By: Lewis First, MD, MS; Editor-in-Chief
Hopefully the headline for today’s blog caught your attention. What’s our interest in Alzheimer Disease in a pediatric journal? Believe it or not, two markers of insulin resistance have been associated in adults with an increased risk of developing Alzheimer Disease and dementia, and Luciano et al. (doi:10.1542/peds.2014-2391) opted to look for these markers early by measuring them in normal, overweight, and obese preschoolers and adolescents.
Correlations of the Alzheimer biomarkers were significantly associated with elevated body mass index (BMI) in conjunction with insulin resistance suggesting that perhaps seeing these markers early on may signal a later risk of developing the cognitive abnormalities associated with Alzheimer Disease and dementia. How these markers in childhood might result in the brain changes that cause this disease of adults and what we might do about this while our patients are still young raises perhaps more questions than answers—but that’s what reading our journal is all about.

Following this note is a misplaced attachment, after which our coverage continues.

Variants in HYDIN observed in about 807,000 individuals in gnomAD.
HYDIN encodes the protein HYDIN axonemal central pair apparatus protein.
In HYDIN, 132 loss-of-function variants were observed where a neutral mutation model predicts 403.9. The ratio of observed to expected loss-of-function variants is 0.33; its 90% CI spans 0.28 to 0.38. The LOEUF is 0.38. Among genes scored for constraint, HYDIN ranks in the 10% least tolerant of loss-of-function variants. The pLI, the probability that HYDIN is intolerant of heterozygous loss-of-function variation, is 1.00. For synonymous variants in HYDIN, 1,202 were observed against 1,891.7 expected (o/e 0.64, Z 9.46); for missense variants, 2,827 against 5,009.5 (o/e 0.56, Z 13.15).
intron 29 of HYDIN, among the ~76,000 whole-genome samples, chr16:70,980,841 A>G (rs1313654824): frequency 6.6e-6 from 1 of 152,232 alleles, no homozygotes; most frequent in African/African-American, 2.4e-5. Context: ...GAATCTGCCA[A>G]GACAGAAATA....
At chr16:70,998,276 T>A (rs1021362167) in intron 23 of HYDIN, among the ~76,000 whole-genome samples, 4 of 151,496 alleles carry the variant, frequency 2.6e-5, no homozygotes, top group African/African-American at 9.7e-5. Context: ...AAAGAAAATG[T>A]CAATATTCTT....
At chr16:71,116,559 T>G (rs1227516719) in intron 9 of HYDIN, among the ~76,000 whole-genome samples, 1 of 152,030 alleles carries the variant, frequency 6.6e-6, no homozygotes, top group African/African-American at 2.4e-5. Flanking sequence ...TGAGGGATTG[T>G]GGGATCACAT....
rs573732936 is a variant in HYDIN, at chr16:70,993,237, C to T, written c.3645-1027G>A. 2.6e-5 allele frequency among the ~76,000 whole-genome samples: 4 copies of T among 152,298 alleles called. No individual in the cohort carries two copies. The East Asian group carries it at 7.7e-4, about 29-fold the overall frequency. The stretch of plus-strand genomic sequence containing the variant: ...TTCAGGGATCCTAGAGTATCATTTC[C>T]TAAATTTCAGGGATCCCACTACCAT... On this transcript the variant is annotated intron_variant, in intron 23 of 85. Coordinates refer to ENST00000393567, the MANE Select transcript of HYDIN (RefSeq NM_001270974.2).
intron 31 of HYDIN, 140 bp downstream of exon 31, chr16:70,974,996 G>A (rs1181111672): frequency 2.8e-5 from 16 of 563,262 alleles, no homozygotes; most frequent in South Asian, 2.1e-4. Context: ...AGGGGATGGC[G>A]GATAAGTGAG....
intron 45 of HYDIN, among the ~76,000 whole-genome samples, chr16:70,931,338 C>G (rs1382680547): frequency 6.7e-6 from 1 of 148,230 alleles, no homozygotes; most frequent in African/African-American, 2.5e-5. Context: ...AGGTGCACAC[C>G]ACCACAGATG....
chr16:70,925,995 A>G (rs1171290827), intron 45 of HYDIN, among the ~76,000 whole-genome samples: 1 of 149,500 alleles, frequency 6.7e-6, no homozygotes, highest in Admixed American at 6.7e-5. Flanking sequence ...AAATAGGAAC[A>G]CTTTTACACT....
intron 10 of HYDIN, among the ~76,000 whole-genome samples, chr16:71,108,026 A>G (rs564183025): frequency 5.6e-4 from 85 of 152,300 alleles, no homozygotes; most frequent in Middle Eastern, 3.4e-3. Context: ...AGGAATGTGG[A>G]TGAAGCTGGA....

Hopefully an article like this will raise awareness enough to trigger other studies to confirm these findings, follow the cohort of overweight and obese children with insulin resistance and see if reducing the level of resistance also improves mentation as these children age. Read this study and you’ll see yet another example of how the prevention work we strive to do as pediatricians pays off not just in childhood but throughout our patients’ lives.